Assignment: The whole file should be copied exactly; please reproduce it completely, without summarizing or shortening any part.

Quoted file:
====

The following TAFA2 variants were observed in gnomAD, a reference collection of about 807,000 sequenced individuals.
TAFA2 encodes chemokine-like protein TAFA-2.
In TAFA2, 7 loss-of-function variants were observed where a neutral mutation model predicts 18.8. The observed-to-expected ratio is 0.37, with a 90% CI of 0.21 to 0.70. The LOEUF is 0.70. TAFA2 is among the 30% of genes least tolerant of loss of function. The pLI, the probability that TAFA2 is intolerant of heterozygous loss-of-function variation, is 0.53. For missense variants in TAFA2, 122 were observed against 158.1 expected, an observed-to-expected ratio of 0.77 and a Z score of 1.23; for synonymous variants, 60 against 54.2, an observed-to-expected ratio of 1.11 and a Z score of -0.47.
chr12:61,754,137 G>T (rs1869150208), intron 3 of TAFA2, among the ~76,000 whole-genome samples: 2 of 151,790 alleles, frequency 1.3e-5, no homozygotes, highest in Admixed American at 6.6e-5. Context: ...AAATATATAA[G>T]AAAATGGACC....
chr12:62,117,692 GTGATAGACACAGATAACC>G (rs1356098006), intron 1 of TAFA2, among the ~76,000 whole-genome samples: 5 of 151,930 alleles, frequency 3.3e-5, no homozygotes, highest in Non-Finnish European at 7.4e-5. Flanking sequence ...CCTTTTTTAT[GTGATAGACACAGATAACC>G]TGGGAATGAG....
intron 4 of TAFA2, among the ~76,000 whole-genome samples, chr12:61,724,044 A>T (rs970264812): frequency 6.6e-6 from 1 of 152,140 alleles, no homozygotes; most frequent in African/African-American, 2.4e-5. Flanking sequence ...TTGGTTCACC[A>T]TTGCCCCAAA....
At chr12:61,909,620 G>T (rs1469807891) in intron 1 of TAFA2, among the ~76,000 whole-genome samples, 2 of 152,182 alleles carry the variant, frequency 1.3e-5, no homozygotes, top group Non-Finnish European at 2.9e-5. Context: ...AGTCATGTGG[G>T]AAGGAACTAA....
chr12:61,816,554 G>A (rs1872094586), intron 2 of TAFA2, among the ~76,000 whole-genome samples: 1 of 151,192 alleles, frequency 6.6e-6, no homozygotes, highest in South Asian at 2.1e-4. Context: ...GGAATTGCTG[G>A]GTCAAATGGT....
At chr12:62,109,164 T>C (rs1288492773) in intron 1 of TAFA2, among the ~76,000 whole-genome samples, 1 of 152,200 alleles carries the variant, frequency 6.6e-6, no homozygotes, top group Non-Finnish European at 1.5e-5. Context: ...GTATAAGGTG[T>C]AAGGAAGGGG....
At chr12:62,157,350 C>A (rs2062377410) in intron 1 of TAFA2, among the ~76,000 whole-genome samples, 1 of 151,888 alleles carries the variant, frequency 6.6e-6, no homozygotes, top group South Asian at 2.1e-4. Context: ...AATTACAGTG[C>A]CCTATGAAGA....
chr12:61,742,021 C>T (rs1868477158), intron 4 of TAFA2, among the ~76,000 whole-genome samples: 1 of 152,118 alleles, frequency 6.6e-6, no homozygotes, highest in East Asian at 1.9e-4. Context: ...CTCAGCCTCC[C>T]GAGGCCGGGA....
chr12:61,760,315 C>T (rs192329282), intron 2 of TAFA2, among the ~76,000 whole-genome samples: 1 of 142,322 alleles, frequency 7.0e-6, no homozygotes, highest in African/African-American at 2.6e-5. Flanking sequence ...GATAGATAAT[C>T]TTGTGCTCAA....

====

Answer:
The following TAFA2 variants were observed in gnomAD, a reference collection of about 807,000 sequenced individuals.
TAFA2 encodes chemokine-like protein TAFA-2.
In TAFA2, 7 loss-of-function variants were observed where a neutral mutation model predicts 18.8. The observed-to-expected ratio is 0.37, with a 90% CI of 0.21 to 0.70. The LOEUF is 0.70. TAFA2 is among the 30% of genes least tolerant of loss of function. The pLI, the probability that TAFA2 is intolerant of heterozygous loss-of-function variation, is 0.53. For missense variants in TAFA2, 122 were observed against 158.1 expected, an observed-to-expected ratio of 0.77 and a Z score of 1.23; for synonymous variants, 60 against 54.2, an observed-to-expected ratio of 1.11 and a Z score of -0.47.
chr12:61,754,137 G>T (rs1869150208), intron 3 of TAFA2, among the ~76,000 whole-genome samples: 2 of 151,790 alleles, frequency 1.3e-5, no homozygotes, highest in Admixed American at 6.6e-5. Context: ...AAATATATAA[G>T]AAAATGGACC....
chr12:62,117,692 GTGATAGACACAGATAACC>G (rs1356098006), intron 1 of TAFA2, among the ~76,000 whole-genome samples: 5 of 151,930 alleles, frequency 3.3e-5, no homozygotes, highest in Non-Finnish European at 7.4e-5. Flanking sequence ...CCTTTTTTAT[GTGATAGACACAGATAACC>G]TGGGAATGAG....
intron 4 of TAFA2, among the ~76,000 whole-genome samples, chr12:61,724,044 A>T (rs970264812): frequency 6.6e-6 from 1 of 152,140 alleles, no homozygotes; most frequent in African/African-American, 2.4e-5. Flanking sequence ...TTGGTTCACC[A>T]TTGCCCCAAA....
At chr12:61,909,620 G>T (rs1469807891) in intron 1 of TAFA2, among the ~76,000 whole-genome samples, 2 of 152,182 alleles carry the variant, frequency 1.3e-5, no homozygotes, top group Non-Finnish European at 2.9e-5. Context: ...AGTCATGTGG[G>T]AAGGAACTAA....
chr12:61,816,554 G>A (rs1872094586), intron 2 of TAFA2, among the ~76,000 whole-genome samples: 1 of 151,192 alleles, frequency 6.6e-6, no homozygotes, highest in South Asian at 2.1e-4. Context: ...GGAATTGCTG[G>A]GTCAAATGGT....
At chr12:62,109,164 T>C (rs1288492773) in intron 1 of TAFA2, among the ~76,000 whole-genome samples, 1 of 152,200 alleles carries the variant, frequency 6.6e-6, no homozygotes, top group Non-Finnish European at 1.5e-5. Context: ...GTATAAGGTG[T>C]AAGGAAGGGG....
At chr12:62,157,350 C>A (rs2062377410) in intron 1 of TAFA2, among the ~76,000 whole-genome samples, 1 of 151,888 alleles carries the variant, frequency 6.6e-6, no homozygotes, top group South Asian at 2.1e-4. Context: ...AATTACAGTG[C>A]CCTATGAAGA....
chr12:61,742,021 C>T (rs1868477158), intron 4 of TAFA2, among the ~76,000 whole-genome samples: 1 of 152,118 alleles, frequency 6.6e-6, no homozygotes, highest in East Asian at 1.9e-4. Context: ...CTCAGCCTCC[C>T]GAGGCCGGGA....
chr12:61,760,315 C>T (rs192329282), intron 2 of TAFA2, among the ~76,000 whole-genome samples: 1 of 142,322 alleles, frequency 7.0e-6, no homozygotes, highest in African/African-American at 2.6e-5. Flanking sequence ...GATAGATAAT[C>T]TTGTGCTCAA....